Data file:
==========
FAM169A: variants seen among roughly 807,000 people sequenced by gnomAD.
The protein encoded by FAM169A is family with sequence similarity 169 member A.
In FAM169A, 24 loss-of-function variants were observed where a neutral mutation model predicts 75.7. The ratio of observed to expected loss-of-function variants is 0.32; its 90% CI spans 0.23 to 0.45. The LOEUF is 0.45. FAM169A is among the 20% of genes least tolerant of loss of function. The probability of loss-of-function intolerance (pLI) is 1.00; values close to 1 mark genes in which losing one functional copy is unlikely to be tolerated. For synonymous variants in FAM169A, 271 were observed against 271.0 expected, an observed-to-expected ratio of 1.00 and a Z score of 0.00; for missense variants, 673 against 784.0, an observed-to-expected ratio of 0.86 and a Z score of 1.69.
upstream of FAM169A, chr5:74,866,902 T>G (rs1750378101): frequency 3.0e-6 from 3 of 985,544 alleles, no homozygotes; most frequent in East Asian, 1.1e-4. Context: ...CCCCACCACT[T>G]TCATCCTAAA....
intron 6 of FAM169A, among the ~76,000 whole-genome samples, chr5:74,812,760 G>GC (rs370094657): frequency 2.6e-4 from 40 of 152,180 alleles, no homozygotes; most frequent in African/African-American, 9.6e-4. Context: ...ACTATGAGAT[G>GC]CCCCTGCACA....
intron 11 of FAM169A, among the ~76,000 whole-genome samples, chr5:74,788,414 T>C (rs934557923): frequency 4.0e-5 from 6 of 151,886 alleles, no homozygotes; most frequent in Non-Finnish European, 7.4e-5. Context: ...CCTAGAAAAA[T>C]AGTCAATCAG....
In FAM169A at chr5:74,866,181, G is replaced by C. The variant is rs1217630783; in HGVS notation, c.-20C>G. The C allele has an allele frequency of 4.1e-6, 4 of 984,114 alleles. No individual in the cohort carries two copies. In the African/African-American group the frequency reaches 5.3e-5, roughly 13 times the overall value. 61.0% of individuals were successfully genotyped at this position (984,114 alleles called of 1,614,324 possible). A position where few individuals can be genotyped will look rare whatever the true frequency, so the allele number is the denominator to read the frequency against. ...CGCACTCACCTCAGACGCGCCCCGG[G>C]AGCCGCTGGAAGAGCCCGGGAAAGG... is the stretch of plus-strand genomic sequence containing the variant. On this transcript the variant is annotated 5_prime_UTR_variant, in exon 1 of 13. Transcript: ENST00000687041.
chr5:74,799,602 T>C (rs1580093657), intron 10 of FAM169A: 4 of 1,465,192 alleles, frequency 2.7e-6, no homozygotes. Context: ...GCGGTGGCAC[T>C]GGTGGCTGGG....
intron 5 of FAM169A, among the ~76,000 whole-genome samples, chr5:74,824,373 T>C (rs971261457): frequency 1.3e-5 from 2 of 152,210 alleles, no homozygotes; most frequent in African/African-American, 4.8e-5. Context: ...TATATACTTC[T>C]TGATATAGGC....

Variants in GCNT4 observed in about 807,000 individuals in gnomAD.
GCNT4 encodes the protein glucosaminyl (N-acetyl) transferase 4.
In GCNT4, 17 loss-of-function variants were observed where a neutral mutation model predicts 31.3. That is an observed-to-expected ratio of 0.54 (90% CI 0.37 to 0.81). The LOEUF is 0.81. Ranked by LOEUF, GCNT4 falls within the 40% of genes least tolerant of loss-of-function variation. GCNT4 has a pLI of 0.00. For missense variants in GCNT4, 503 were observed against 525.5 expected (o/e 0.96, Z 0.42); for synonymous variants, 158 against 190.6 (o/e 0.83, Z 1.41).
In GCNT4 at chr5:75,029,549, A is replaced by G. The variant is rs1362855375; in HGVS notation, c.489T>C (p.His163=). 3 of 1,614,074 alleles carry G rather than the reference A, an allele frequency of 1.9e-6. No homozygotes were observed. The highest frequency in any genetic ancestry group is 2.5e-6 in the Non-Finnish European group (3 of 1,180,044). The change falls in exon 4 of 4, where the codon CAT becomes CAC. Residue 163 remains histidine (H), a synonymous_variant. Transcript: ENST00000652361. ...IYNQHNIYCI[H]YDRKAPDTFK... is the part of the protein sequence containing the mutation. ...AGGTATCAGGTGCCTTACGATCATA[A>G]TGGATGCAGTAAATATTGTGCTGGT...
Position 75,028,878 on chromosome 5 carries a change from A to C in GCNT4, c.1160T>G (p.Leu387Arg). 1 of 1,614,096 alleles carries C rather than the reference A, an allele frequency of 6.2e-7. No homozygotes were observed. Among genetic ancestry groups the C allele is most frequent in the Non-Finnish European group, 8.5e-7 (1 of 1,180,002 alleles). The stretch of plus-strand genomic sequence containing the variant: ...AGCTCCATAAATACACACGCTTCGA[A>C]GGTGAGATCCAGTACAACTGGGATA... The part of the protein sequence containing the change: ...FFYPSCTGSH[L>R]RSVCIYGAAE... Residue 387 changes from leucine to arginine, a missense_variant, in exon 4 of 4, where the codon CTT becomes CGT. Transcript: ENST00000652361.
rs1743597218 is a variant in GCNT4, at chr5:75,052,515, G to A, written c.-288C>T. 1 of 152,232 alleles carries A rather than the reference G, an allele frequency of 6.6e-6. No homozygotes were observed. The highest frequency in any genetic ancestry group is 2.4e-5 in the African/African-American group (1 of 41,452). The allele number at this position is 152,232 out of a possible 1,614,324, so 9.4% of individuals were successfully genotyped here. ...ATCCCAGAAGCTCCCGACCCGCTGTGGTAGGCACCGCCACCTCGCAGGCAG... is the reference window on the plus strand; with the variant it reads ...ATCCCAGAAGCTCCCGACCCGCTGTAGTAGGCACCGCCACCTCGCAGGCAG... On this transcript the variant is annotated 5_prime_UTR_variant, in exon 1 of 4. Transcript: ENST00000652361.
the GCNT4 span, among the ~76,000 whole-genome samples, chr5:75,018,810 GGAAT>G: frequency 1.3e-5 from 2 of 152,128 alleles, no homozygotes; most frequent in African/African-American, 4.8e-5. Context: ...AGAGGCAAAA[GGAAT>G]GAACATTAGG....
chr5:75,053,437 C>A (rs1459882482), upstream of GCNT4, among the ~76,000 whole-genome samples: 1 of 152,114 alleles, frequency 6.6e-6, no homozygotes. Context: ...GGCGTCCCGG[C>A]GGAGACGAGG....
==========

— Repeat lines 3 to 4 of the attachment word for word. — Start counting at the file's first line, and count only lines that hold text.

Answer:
In FAM169A, 24 loss-of-function variants were observed where a neutral mutation model predicts 75.7. The ratio of observed to expected loss-of-function variants is 0.32; its 90% CI spans 0.23 to 0.45. The LOEUF is 0.45. FAM169A is among the 20% of genes least tolerant of loss of function. The probability of loss-of-function intolerance (pLI) is 1.00; values close to 1 mark genes in which losing one functional copy is unlikely to be tolerated. For synonymous variants in FAM169A, 271 were observed against 271.0 expected, an observed-to-expected ratio of 1.00 and a Z score of 0.00; for missense variants, 673 against 784.0, an observed-to-expected ratio of 0.86 and a Z score of 1.69.
upstream of FAM169A, chr5:74,866,902 T>G (rs1750378101): frequency 3.0e-6 from 3 of 985,544 alleles, no homozygotes; most frequent in East Asian, 1.1e-4. Context: ...CCCCACCACT[T>G]TCATCCTAAA....